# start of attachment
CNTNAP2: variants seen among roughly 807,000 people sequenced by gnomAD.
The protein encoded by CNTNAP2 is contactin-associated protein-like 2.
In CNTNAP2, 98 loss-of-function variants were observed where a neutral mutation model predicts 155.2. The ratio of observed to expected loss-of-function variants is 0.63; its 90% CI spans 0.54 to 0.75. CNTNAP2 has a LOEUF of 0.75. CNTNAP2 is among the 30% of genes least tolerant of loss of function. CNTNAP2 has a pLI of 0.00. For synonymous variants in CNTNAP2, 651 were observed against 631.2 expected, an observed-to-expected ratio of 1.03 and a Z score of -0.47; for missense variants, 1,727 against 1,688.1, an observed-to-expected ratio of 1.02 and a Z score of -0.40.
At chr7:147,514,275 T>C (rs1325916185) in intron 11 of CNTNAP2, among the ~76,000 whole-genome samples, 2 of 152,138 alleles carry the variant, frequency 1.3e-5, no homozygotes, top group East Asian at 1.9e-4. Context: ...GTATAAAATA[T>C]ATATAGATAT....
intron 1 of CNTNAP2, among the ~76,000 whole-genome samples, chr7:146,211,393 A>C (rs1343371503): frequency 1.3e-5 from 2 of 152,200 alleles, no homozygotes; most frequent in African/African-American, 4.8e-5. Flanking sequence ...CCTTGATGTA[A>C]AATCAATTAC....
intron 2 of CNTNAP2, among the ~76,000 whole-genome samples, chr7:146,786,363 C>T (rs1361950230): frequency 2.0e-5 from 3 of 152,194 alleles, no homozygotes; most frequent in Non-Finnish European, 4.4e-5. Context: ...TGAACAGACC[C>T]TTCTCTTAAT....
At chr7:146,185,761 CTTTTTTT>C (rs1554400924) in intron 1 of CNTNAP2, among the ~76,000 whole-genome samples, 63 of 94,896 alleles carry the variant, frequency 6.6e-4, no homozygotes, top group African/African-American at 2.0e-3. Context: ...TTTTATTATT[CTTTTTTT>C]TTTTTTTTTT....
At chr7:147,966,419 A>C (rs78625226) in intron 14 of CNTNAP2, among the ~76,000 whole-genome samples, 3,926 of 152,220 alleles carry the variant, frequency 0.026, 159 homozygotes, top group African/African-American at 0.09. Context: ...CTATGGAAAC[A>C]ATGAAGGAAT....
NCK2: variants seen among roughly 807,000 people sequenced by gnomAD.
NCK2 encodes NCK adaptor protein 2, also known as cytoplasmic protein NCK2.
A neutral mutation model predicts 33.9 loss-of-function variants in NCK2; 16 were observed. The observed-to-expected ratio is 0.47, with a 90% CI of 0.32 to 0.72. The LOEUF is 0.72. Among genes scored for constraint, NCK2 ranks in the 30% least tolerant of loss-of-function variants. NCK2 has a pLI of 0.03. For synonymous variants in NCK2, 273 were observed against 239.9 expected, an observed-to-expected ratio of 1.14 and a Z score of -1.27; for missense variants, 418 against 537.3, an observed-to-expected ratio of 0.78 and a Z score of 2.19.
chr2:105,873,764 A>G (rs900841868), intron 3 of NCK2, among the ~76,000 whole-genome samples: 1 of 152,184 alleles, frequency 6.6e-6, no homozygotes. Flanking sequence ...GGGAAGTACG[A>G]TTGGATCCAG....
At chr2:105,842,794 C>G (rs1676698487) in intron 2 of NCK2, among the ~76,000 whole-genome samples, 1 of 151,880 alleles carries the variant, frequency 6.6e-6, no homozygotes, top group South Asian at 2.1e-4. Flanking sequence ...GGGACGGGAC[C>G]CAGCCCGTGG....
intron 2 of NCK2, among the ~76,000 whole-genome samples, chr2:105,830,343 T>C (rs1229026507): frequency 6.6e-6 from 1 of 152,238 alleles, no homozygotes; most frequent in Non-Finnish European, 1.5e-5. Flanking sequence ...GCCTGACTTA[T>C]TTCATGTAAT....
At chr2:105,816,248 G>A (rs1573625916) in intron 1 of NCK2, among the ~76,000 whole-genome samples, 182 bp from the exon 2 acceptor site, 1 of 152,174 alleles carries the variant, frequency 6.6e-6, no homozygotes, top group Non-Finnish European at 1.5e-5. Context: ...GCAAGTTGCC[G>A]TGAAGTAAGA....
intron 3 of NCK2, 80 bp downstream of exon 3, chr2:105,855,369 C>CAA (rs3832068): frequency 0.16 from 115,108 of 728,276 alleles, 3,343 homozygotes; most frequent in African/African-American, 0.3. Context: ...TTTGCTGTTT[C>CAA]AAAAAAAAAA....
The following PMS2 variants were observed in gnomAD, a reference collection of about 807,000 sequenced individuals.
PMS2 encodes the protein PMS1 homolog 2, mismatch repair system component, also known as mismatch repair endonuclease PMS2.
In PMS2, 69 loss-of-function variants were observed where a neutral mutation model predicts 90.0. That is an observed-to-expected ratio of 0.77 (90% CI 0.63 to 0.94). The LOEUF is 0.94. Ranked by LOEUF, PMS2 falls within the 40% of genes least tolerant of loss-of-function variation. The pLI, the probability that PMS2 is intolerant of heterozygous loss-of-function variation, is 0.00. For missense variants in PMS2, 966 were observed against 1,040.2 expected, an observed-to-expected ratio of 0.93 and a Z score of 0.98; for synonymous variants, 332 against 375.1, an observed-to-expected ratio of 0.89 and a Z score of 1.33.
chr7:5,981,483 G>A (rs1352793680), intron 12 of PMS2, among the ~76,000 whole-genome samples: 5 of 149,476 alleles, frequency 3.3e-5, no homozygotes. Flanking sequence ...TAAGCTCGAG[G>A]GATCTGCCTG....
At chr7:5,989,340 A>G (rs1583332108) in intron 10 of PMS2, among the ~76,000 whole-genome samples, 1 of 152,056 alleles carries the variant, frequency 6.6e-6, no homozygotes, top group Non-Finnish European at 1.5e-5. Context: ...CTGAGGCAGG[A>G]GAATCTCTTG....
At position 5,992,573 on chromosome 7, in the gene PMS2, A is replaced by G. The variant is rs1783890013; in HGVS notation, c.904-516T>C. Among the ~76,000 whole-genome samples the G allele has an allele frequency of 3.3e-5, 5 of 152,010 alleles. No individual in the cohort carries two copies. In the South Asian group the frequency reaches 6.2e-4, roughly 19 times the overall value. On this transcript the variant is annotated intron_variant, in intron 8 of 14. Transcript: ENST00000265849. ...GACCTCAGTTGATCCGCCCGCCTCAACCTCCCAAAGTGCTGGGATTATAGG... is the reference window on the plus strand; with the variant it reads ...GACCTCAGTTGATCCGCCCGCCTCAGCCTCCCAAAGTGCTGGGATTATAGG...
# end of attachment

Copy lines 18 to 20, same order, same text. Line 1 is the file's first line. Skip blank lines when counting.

PMS2 encodes the protein PMS1 homolog 2, mismatch repair system component, also known as mismatch repair endonuclease PMS2.
In PMS2, 69 loss-of-function variants were observed where a neutral mutation model predicts 90.0. That is an observed-to-expected ratio of 0.77 (90% CI 0.63 to 0.94). The LOEUF is 0.94. Ranked by LOEUF, PMS2 falls within the 40% of genes least tolerant of loss-of-function variation. The pLI, the probability that PMS2 is intolerant of heterozygous loss-of-function variation, is 0.00. For missense variants in PMS2, 966 were observed against 1,040.2 expected, an observed-to-expected ratio of 0.93 and a Z score of 0.98; for synonymous variants, 332 against 375.1, an observed-to-expected ratio of 0.89 and a Z score of 1.33.
chr7:5,981,483 G>A (rs1352793680), intron 12 of PMS2, among the ~76,000 whole-genome samples: 5 of 149,476 alleles, frequency 3.3e-5, no homozygotes. Flanking sequence ...TAAGCTCGAG[G>A]GATCTGCCTG....